Pea Milk is soy, nut, dairy, gluten free, Vegan friendly, and low in sugar and carbs, making it appealing to people on low-carb diets and those with diabetes.
11. Rice Milk
Rice milk is becoming more popular with coffee drinkers as a coffee creamer because it is nut- and soy-free, which makes it a good choice for people with allergies and lactose intolerance.
Rice Milk is one of the most hypoallergenic of all the milk substitutes and provides balanced nutrition.
But, although Rice Milk provides the lowest amount of fat of all the milk substitutes and is cholesterol-free, it is high in starch and cannot be used by persons with diabetes.
12. Soy Milk
Soy milk is the only dairy substitute with a similar amount of protein as cow’s milk having 7 grams of protein per cup, while two percent cow’s milk provides 8 grams of protein. According to the National Center for Complementary and Integrative Health, soy protein can help lower LDL, or bad cholesterol.
It has a smooth and creamy texture with a relatively neutral flavor making it a popular choice as a non-dairy coffee creamer. In addition, many coffee houses are using soy milk as a creamer because it is easily accessible and low in cost.
Keep in mind that soy milk comes in sweetened and unsweetened versions, so choose the one for your coffee creamer that will give you the taste you prefer in your coffee.
What Are Non-Dairy Coffee Creamers Made From?
The main ingredients in non-dairy coffee creamers such as Coffee-Mate are sugar, primarily in the form of corn syrup, partially hydrogenated soybean and/or cottonseed oil, and a thickener or thickeners to bind all the ingredients together.
Not only do these non-dairy coffee creamers contain no nutritional benefits, but there is scientific evidence that shows trans fat found in products like partially hydrogenated oil can have such health consequences as cancer, cardiovascular disease, diabetes, and Alzheimer’s.
Brief History Of the Non-Dairy Industry
Were you ever interested in how the non-dairy industry got started? Well, I was curious and did a little research on the subject and was amazed to find that back in the late 1800s, when ice was used for refrigeration, milk was considered safe only for those people fortunate enough to have it fresh on the farms, and there was interest in non–dairy options for those who did not have a supply of fresh milk.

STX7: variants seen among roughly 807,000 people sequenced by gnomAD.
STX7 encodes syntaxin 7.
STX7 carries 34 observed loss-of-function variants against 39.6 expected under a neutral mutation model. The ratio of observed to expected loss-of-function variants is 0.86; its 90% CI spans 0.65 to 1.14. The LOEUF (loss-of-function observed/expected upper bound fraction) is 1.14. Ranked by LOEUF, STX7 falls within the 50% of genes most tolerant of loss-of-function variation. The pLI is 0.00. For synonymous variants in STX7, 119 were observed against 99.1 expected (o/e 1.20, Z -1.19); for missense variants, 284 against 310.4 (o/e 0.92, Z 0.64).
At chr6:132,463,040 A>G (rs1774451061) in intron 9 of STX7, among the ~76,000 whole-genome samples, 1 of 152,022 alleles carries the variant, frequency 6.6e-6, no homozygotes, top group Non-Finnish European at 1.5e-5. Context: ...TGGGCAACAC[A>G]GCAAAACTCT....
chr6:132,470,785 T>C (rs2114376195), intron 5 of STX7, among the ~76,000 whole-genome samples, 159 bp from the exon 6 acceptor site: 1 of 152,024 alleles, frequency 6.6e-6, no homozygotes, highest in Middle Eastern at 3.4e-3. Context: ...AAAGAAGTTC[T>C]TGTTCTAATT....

One of the many people interested in the non-dairy industry was also one of the early automobile manufacturers, Henry Ford. By the early 1930s, Henry Ford had discovered how to make milk from soybeans and had built a manufacturing plant in Dearborn, Michigan, where he was quite successful in selling a lot of soymilk for use in whipped toppings, baked goods, and frostings.
Then, in 1942, Mr. Ford built the George Washington Carver (who first made peanut milk) Laboratory in Dearborn, Michigan, where he assembled a team of scientists to continue his research on non-dairy products. Henry Ford offered to give away his research findings to anyone interested and Bob Rich was the first person to take him up on his offer.
Bob Rich took Henry Ford’s research on non-dairy products, developed his own products, and marketed his own whipped topping and the first non-dairy coffee creamer called Coffee Rich.
Over the years, I have changed my favorite go-to coffee creamer numerous times. I suppose my first coffee creamer was milk because that was all we had. Next came Coffee-Mate coffee creamer, which was introduced in the United States in 1961. But my current favorite is, and has been for many years, evaporated milk straight from the can. I just can’t imagine anything being better.
But, no matter whether you are simply trying to avoid dairy completely or whether you have started using non-dairy milk, you are sure to find an option that will work for you and your family at breakfast or any time.
In the past, I have avoided using coffee creamers because I considered them unsafe to use since they contained no natural ingredients. But, in recent years, some of the companies that make coffee creamers have begun to market products advertised as all-natural. In fact, Coffee Mate now makes a coffee creamer called Natural Bliss Sweet Cream flavored coffee creamer that is made with farm-fresh milk and cream, pure cane sugar, and a natural sweet cream flavor. I think I’m gonna check it out and look at their ingredients label to make sure the ingredients are, in fact, all-natural!
Thanks for stoppin’ by!
For more, don’t miss The 32 Best Milk Substitutes for Recipes (Dairy & Non-Dairy).
Anne James has a wealth of expertise in a wide array of interests, including quilting, cooking, gardening, camping, and making jelly.
She has a professional canning business and has been featured in the local newspaper, and has been her family canner for decades. Anyone growing up in the South knows that there is always a person in the family who has knowledge of the “old ways,” and this is exactly what Anne is.
With over 55 years of experience in these endeavors, she brings a level of hands-on knowledge that is hard to surpass.
Lovingly known as “Jelly Grandma” by her grandkids, Anne hopes your visit here has been a sweet one.